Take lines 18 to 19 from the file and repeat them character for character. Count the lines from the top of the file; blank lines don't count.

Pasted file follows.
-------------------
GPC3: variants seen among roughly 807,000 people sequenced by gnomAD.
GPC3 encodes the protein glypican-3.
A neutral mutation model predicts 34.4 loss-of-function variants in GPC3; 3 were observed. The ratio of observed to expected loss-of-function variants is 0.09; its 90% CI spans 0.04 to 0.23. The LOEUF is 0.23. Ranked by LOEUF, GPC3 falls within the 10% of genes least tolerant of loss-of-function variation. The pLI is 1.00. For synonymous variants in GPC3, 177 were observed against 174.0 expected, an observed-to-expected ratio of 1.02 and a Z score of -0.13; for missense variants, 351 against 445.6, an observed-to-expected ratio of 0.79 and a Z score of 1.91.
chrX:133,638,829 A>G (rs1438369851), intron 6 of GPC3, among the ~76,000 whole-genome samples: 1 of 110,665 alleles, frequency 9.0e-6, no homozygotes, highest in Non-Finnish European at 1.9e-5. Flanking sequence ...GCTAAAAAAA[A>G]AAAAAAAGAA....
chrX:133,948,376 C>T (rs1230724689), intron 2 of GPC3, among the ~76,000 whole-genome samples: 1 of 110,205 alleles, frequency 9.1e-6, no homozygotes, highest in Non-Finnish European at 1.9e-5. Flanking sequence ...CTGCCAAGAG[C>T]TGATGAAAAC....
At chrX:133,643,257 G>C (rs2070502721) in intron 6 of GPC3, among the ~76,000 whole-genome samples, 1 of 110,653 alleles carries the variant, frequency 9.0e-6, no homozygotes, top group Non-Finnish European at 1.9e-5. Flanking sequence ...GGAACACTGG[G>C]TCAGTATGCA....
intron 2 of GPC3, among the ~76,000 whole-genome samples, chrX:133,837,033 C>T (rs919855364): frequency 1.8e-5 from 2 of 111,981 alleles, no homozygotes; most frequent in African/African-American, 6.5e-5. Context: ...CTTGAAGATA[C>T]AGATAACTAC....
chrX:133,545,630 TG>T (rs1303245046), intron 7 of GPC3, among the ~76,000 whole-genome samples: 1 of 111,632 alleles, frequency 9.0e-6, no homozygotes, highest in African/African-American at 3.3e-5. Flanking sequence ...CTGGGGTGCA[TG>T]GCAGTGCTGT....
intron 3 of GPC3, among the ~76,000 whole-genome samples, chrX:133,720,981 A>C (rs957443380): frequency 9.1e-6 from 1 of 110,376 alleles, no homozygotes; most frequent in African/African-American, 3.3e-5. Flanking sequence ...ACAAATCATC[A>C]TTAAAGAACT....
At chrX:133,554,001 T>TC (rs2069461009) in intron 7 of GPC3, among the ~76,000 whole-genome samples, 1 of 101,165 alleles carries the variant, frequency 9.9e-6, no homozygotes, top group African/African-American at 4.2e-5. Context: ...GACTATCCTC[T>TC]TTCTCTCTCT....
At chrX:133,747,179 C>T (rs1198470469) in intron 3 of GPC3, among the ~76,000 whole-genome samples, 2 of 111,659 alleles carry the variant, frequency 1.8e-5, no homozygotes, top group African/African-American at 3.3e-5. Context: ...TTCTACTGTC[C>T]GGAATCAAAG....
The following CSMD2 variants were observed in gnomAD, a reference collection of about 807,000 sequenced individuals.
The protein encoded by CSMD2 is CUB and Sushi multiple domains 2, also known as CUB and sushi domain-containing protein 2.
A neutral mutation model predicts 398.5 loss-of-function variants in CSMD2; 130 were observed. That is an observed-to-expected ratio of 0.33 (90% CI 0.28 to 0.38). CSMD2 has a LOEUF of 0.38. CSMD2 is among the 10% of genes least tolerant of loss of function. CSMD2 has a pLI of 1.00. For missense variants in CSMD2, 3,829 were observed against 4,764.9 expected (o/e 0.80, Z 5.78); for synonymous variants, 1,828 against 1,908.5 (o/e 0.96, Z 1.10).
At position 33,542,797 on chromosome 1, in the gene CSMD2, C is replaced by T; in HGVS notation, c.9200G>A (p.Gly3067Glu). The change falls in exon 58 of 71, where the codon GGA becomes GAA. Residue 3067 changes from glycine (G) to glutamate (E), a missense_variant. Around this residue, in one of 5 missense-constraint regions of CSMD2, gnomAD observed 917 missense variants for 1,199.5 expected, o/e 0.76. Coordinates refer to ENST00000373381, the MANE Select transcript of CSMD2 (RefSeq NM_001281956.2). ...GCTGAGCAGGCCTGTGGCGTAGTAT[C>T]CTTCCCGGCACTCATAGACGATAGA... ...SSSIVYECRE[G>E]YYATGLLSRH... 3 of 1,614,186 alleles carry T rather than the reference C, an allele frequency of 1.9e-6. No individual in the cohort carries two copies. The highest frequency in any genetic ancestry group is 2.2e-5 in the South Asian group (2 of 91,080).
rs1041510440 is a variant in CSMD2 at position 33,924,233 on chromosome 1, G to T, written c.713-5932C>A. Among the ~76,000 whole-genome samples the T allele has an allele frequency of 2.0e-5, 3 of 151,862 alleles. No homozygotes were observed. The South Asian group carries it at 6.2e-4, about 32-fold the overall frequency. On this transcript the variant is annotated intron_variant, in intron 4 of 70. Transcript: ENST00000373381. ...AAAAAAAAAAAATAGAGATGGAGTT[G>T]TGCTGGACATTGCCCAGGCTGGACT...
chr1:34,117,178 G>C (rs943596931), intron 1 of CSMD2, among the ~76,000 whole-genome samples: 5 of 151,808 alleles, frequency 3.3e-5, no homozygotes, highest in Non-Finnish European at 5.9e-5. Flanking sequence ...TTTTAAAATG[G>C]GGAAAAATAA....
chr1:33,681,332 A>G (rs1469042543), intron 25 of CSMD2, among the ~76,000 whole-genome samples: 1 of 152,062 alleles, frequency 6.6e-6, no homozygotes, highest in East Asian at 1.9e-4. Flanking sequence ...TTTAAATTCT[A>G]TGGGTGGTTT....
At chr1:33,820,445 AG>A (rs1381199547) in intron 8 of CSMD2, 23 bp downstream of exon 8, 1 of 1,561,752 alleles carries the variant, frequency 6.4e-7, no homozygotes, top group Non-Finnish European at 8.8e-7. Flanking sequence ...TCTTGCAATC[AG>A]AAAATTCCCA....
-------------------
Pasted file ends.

chr1:33,681,332 A>G (rs1469042543), intron 25 of CSMD2, among the ~76,000 whole-genome samples: 1 of 152,062 alleles, frequency 6.6e-6, no homozygotes, highest in East Asian at 1.9e-4. Flanking sequence ...TTTAAATTCT[A>G]TGGGTGGTTT....
At chr1:33,820,445 AG>A (rs1381199547) in intron 8 of CSMD2, 23 bp downstream of exon 8, 1 of 1,561,752 alleles carries the variant, frequency 6.4e-7, no homozygotes, top group Non-Finnish European at 8.8e-7. Flanking sequence ...TCTTGCAATC[AG>A]AAAATTCCCA....